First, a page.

LEXINGTON, Ky. (LEX 18) — Weather models have shown the potential for a serious ice storm this week, and as it approaches, LEX 18's Chief Meteorologist Bill Meck is asking central Kentuckians to prepare for the worst.
As of Tuesday morning, Meck said sleet was the "best-case scenario."
"There's a cold layer up near the clouds so whatever is falling out of the cloud is in the form of snow. It hits a layer of temperatures that are above freezing, so the snowflake melts," Meck said. "Now if that warm layer is thick and it just hits a cold layer at the bottom and that cold layer at the bottom where we are, where we live, where the trees out of the powerlines are, it may only be a few 100 feet thick. But, it's enough so that it falls as rain, and then turns to ice on everything that it touches and that's where you run into the power lines the trees everything else having issues and can turn into big, big real-world problems."
As of Tuesday morning, Meck predicts the storm will start Wednesday night lasting into the day on Thursday.
"For many of us that if we end up with mostly sleet out of this, you're going to be wondering what's all the hullabaloo about?" he said. "But for areas that are going to see the freezing rain, and somebody is going to get it. Within our viewing area somebody is going to get a major ice storm."
He explained those areas are "likely going to be south of I-64. If I were to put a line on it right now, take Highway 52, and go 20-25 miles, either side of that. So, we're talking Danville and Richmond. So, a little south of 64 but north of the parkways in southern Kentucky. Somebody in there is going to get a major ice storm. And with that, you're talking power outages, you are talking roads becoming hard to get around on because of ice. You're talking tree damage. All the awful things that go along with an ice storm."
The thought of an ice storm reminds most Kentuckians of two years, 2003 and 2009.
He reminisced spending a week in someone else's basement who had power saying, "The Lexington ice storm in 2003 was toward the high end of the crippling, which was just under an inch of ice in most places but enough to cause tremendous tree damage, which then led to the power outages."
The 2009 storm was historic. Meck explained the "storm of 2009 is considered to be one of the great weather events in Kentucky weather history. It affected a huge geographic swath of Kentucky. In our area hit Danville, really hard. It was a bigger ice storm, it was synoptic meteorological a bigger system -- a stronger system. So that is one of the storms of record for a lot of people, but in Lexington, '03 was the big one."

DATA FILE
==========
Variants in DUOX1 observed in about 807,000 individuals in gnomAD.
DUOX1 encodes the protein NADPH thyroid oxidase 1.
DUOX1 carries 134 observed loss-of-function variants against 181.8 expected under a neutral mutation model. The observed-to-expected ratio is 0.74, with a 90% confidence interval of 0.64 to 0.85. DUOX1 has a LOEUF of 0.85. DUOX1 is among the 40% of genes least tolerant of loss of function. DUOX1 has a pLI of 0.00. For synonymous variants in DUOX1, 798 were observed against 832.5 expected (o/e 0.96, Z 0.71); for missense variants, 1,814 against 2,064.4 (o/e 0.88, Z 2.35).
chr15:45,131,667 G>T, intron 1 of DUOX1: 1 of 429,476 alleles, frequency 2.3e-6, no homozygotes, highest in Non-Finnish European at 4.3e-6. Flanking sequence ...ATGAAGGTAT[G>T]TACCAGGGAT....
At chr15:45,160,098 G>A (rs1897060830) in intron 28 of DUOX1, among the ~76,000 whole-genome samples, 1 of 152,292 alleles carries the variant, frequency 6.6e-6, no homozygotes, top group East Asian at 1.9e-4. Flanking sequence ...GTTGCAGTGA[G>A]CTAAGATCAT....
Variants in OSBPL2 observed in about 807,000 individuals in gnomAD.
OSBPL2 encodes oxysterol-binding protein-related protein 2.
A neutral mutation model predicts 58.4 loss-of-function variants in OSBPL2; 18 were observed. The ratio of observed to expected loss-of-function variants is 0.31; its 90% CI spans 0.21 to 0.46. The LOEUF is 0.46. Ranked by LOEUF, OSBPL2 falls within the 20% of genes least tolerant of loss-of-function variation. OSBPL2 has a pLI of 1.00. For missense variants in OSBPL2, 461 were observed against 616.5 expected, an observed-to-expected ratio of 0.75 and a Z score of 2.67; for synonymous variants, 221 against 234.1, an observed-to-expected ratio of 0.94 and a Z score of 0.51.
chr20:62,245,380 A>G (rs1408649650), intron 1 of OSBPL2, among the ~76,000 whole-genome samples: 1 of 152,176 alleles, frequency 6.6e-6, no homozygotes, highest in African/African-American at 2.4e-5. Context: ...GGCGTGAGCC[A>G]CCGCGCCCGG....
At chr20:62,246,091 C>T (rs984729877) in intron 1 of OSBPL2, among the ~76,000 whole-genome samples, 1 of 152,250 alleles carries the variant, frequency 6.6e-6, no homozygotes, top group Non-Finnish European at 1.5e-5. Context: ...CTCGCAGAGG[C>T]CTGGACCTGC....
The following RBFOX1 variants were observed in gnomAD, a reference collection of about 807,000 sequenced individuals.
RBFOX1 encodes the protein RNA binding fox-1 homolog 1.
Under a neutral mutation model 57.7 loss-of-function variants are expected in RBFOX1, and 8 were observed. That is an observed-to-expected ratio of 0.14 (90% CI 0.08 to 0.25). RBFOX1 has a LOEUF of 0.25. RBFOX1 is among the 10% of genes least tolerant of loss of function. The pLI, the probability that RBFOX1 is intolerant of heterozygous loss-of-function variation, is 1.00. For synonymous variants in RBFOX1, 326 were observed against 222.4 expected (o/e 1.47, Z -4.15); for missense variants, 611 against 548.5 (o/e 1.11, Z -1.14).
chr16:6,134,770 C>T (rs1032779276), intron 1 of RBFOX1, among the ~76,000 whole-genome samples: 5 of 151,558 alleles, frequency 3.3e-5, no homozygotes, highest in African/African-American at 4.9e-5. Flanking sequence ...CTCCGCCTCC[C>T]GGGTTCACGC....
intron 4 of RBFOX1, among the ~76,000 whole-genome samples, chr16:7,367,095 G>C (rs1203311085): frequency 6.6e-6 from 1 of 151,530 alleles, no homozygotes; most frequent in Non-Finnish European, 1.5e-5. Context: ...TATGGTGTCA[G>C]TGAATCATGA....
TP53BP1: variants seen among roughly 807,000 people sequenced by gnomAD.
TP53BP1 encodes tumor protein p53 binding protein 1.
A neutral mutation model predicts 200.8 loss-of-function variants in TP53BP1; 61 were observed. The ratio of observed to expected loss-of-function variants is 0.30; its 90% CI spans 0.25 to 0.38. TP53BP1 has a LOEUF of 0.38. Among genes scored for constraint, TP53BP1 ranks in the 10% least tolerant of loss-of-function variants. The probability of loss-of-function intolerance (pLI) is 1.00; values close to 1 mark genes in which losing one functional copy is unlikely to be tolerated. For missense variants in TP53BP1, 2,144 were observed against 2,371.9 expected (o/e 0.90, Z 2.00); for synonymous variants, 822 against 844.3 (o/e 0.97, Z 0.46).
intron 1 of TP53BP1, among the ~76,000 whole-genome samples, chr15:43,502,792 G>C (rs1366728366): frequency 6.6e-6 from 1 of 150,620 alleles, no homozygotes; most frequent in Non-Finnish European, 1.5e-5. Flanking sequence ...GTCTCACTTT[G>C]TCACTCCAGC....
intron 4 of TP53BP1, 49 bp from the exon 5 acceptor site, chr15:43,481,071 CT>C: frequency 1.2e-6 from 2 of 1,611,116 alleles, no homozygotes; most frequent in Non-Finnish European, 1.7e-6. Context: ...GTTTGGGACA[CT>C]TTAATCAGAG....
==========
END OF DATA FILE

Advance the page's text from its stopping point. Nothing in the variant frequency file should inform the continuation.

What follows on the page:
Meck said the 2003 storm taught central Kentuckians lessons about trimming trees.
"One of the reasons why the '09 storm didn't do as much in Lexington, as the '03 one did is that the '03 storm took out a lot of trees. And so, nature did the work of cleaning up around the utility lines in a horrible way but it was done. So for that reason why the '09 wasn't as bad and Lexington as it, otherwise could have been. Since that time, I know Kentucky Utilities, and other folks have learned lessons," he said. "And I know that KU just undertook a major tree thinning process that went through the south side of Lexington. Folks weren't happy about that because they lost very old trees. But, that's one of the things that they did to help mitigate any potential problems with something like this."
Other lessons Meck hopes Kentuckians have learned is the proper way to heat one's house during an extended power outage. He explained the 2009 storm proved fatal for reasons it should not have.
He warned more than, "two dozen deaths that occurred [in 2009]. Mostly because people were trying to heat their house with things they should not be heating their house with. Like a grill. Your propane grill is not a heat source for your house. Carbon monoxide poisoning is what killed most of the folks in the '09 storm. So, do not do that. Find a different way to stay warm."
In advance of this ice storm which Meck said will surely lead to power outages there are a few items to remember:
- Be prepared to heat your home with a fireplace and bundle with blankets
- Locate your weather radio
- Charge extra battery packs to keep your phone and other electronics charged
- Download the LEX 18 News and Weather app to receive updates if you lose power and cannot turn on your TV
- Stock your pantry and fridge
"For this event coming in here we're probably going to be just under what would be that crippling threshold. It's still going to be a lot of ice, it is still going to be a major system with a half or three-quarters of an inch likely coming out of this and there will likely be power outages," said Meck.